A Cut Above: The MontaMower

Introduced in 1923, the MontaMower had a unique design and was advertised as being easy enough for a 10-year-old to use.


| September 2015



MontaMower

Close-up of the MontaMower’s cutting head.

Photo by George Wanamaker

Certainly, the lawn had to be mowed to give the house or property that “well-kept” look. It showed that the owner cared about his property. To some degree, it was an indication of prosperity. You had to be able to afford either the time to mow, or the money to pay someone else to keep the yard looking nice.

But it wasn’t all about appearances. A century ago, it was very important to mow the lawn and keep the grass short in order to minimize the fire hazard posed by long, dry grass and the leaves it trapped. Fire was a very real threat to wood-frame houses, particularly in the era before fire departments as we know them today existed. Most households maintained stove fires for heat and cooking; one stray spark could cause disaster. Fast-moving grass fires could ignite a house before the fire wagon, if there was one nearby, could arrive. Mowing the yard was more than a cosmetic chore: It was a necessity.

A new alternative

By the late 1800s, two types of lawn mowing machines were available: the sickle-bar mower and the reel mower. The sickle-bar types, like the Clipper, could cut tall, thick grass, but did not leave an attractive finish. The reel mower worked well on shorter grass and left the lawn looking manicured. By the early 1900s, the reel mower was the device of choice for a neat-looking lawn. A larger version of the sickle-bar mower, pulled by horses, was used on the farm to cut hay.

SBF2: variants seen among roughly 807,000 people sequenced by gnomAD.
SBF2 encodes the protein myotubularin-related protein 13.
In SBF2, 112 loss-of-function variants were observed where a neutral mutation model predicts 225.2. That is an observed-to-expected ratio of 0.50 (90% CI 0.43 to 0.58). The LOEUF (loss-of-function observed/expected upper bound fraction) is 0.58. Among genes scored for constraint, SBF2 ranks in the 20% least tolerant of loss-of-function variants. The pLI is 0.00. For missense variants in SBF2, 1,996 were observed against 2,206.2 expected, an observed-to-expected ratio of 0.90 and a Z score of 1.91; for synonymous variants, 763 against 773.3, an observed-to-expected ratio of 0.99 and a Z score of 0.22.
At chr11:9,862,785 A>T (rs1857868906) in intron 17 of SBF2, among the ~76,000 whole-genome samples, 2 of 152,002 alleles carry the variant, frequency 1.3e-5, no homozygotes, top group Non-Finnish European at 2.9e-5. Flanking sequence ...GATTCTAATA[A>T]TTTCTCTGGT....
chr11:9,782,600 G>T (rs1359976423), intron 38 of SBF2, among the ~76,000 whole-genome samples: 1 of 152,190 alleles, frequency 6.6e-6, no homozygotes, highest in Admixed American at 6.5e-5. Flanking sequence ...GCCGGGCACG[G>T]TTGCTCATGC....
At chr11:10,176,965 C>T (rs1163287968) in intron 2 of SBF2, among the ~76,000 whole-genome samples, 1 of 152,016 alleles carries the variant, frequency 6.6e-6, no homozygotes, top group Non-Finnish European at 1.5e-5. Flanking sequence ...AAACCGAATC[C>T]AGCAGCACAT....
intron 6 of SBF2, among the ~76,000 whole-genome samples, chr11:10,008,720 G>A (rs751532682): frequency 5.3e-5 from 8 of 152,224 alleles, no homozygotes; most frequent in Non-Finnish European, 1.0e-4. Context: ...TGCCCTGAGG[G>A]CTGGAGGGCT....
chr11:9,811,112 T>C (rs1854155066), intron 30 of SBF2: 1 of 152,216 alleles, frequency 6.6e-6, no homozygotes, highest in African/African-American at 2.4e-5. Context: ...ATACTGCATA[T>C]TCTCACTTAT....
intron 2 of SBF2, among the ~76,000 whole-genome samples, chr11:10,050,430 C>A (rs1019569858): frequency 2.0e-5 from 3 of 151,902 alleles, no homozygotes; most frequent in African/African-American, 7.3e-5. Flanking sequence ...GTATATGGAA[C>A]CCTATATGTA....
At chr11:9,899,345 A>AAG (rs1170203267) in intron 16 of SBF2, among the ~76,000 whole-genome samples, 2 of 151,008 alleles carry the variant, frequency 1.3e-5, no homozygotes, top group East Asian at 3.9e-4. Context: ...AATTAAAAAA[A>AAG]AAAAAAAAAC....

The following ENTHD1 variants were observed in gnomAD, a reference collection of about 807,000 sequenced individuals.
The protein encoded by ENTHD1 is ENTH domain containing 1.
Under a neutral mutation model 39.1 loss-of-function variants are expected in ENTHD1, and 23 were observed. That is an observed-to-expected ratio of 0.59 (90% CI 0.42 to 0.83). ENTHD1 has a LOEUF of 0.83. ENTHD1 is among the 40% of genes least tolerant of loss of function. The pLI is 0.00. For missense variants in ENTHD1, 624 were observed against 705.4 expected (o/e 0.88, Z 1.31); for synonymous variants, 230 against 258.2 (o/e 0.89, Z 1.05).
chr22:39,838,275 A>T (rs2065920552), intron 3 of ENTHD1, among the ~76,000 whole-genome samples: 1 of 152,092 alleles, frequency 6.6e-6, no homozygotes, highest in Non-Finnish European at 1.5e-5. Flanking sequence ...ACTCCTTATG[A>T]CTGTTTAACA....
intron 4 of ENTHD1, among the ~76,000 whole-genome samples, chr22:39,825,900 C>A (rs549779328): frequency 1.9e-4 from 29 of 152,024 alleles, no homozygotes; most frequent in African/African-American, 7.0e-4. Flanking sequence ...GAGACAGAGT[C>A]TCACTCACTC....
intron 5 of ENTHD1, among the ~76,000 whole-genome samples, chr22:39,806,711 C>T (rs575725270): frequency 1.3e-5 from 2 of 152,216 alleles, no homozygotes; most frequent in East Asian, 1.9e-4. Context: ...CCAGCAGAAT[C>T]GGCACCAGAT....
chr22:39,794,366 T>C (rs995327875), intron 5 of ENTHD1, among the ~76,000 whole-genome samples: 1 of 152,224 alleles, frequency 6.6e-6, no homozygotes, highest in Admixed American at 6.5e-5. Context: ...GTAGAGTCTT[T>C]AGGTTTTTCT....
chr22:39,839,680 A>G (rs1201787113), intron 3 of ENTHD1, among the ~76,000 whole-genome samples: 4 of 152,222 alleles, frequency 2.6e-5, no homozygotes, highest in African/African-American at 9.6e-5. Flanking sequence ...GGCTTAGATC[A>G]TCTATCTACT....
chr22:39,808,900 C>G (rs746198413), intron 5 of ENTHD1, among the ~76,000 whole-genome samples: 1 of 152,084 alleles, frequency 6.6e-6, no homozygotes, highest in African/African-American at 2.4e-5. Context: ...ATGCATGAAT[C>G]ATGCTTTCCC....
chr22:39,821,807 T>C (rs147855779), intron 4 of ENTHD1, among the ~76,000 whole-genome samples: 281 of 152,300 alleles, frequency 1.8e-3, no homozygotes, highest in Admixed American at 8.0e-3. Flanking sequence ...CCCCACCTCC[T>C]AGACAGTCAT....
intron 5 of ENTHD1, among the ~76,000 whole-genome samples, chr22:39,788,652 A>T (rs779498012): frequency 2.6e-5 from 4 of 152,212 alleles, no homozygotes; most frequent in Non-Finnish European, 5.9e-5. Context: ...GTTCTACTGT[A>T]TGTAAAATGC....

Then, in about 1923, a new entrant joined the market. A disc mower, the MontaMower had a series of nine pairs of disc blades, with nine cutting teeth on each disc. Each pair of discs was on top of the other. As they rotated toward each other, they cut the grass. The pairs of blades were attached in a line across the front of the mower. This was a new concept in cutting grass. To my knowledge, the MontaMower was the only mower of any kind to use it.

The discs, being small, were low to the ground when working, thus cutting the grass short. The discs were arrayed across the entire face of the mower, cutting edge to edge, which meant that as you cut, you also trimmed. The MontaMower was advertised as being “two tools in one,” a mower and a trimmer.

It cut a 16-inch swath, and because it was very low to the ground, just 2-1/2 inches high, it could cut the grass under most bushes. The blades were ground-driven, as the mower was pushed, by wheels designed almost like gears. They were thin, small-diameter and had teeth. As the wheels rotated while traveling, they turned the blades to cut the grass.